What should a man do when the army sends him to help kill his wife's family? His grandson and Northern Cheyenne tribe member, Gerry Robinson, reaches back through time to unravel the emotional and complex story.
Bill Rowland married into the Northern Cheyenne Tribe in 1850, eventually becoming the primary interpreter in their negotiations with the U.S. government. On November 25, 1876--five months to the day after Custer died at the Little Bighorn--Bill found himself obligated to ride into the tribe's main winter camp with over a thousand U.S. troops bent on destroying it.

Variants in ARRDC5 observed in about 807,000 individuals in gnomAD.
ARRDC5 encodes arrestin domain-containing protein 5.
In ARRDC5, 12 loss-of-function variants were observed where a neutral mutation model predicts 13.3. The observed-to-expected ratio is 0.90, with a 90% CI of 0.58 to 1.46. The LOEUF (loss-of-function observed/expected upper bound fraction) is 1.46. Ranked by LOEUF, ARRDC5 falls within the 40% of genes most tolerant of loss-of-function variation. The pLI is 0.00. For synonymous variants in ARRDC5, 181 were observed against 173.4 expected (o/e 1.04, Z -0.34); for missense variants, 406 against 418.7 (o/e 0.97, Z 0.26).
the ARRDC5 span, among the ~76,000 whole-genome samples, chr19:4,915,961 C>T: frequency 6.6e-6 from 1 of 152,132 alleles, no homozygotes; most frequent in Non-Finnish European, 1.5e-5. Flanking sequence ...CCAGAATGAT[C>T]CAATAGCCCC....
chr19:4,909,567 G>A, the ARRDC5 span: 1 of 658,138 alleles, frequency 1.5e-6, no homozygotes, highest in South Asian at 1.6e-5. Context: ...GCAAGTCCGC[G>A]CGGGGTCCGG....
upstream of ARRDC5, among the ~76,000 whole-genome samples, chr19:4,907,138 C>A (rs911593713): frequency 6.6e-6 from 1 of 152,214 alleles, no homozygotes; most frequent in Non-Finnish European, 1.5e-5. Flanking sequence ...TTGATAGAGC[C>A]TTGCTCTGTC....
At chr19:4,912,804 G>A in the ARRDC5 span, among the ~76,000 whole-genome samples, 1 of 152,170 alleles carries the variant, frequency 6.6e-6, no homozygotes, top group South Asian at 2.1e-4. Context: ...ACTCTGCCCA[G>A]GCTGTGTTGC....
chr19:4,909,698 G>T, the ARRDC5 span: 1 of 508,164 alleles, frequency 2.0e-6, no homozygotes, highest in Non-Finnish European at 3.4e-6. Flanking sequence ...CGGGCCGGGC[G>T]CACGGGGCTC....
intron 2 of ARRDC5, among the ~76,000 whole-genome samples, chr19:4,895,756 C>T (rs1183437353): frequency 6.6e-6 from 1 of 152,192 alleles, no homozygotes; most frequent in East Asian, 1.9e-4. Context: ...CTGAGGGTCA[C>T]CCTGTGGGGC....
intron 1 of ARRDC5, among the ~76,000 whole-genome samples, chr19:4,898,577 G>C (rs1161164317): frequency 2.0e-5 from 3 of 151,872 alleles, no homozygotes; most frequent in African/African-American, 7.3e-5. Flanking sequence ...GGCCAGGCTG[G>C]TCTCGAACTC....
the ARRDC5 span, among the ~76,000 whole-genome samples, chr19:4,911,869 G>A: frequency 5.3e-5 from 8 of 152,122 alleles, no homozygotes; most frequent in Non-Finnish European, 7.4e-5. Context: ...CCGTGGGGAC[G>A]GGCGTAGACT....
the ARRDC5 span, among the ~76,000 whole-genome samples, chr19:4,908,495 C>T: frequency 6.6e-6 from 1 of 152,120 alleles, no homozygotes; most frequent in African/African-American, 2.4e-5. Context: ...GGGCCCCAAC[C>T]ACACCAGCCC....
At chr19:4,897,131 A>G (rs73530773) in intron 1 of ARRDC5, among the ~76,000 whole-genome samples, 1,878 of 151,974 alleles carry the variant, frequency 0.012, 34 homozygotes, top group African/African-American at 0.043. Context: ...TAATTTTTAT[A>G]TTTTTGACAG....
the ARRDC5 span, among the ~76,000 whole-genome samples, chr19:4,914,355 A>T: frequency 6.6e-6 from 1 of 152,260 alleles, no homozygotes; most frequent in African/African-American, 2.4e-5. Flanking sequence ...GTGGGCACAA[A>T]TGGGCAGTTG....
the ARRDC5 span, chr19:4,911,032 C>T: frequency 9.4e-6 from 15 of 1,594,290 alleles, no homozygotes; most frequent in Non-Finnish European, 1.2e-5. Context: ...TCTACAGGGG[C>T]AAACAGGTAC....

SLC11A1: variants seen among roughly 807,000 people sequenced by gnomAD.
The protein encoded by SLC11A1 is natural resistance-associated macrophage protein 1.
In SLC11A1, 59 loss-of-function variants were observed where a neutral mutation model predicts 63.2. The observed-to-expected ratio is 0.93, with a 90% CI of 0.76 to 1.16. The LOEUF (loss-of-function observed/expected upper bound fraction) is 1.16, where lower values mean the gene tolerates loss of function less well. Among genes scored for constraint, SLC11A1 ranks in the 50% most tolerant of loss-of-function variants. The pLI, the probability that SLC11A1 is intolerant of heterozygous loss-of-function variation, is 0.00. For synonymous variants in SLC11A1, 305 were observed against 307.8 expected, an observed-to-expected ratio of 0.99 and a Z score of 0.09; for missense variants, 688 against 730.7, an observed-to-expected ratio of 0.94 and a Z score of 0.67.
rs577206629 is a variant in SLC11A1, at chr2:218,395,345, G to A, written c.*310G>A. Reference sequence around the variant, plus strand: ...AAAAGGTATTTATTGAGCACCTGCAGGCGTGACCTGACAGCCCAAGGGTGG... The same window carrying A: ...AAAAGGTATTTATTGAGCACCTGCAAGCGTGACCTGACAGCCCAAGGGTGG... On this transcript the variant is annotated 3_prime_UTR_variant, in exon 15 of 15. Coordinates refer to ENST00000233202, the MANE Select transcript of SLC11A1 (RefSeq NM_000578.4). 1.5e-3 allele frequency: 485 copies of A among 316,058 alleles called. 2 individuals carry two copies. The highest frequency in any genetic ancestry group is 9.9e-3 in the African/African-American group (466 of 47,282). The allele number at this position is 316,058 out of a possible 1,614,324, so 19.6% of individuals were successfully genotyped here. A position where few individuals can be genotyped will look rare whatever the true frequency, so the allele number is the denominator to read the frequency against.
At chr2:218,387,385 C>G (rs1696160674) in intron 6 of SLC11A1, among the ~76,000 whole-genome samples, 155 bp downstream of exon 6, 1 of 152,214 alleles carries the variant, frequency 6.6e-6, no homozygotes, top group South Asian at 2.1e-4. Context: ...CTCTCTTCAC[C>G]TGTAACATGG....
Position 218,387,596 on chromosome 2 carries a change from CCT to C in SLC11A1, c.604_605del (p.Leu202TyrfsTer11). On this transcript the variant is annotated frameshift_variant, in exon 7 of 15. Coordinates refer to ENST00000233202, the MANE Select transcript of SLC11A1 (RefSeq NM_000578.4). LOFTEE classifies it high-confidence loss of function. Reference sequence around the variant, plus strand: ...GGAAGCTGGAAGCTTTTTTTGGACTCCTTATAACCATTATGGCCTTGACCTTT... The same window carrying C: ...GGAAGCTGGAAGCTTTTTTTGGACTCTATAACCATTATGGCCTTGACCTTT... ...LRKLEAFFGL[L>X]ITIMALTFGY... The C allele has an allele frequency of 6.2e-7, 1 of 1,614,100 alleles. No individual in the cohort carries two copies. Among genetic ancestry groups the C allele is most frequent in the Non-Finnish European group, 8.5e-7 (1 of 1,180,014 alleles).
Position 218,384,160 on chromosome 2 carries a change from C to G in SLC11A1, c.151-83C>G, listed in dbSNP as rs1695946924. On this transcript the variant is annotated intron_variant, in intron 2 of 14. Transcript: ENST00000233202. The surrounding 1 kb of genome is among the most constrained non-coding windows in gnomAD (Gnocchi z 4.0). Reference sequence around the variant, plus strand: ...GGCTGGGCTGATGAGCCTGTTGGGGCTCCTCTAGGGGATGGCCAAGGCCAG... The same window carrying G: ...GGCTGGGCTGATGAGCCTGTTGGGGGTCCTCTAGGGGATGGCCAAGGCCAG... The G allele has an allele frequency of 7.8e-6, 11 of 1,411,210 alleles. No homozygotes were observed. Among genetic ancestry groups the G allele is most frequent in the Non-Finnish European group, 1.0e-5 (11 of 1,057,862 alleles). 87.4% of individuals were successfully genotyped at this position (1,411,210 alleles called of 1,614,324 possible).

The Cheyenne Sweet Medicine Chief, Little Wolf, had been to the white man's cities. He knew how many waited there to follow the path cleared by soldiers who were out seeking revenge for their great loss. He also knew that the hot-blooded Kit Fox leader, Last Bull, emboldened by their recent victory and convinced he could defeat them all, posed a dangerous threat from within. Tradition and the protestations of the boisterous young leader prevented Little Wolf's warnings from being taken seriously.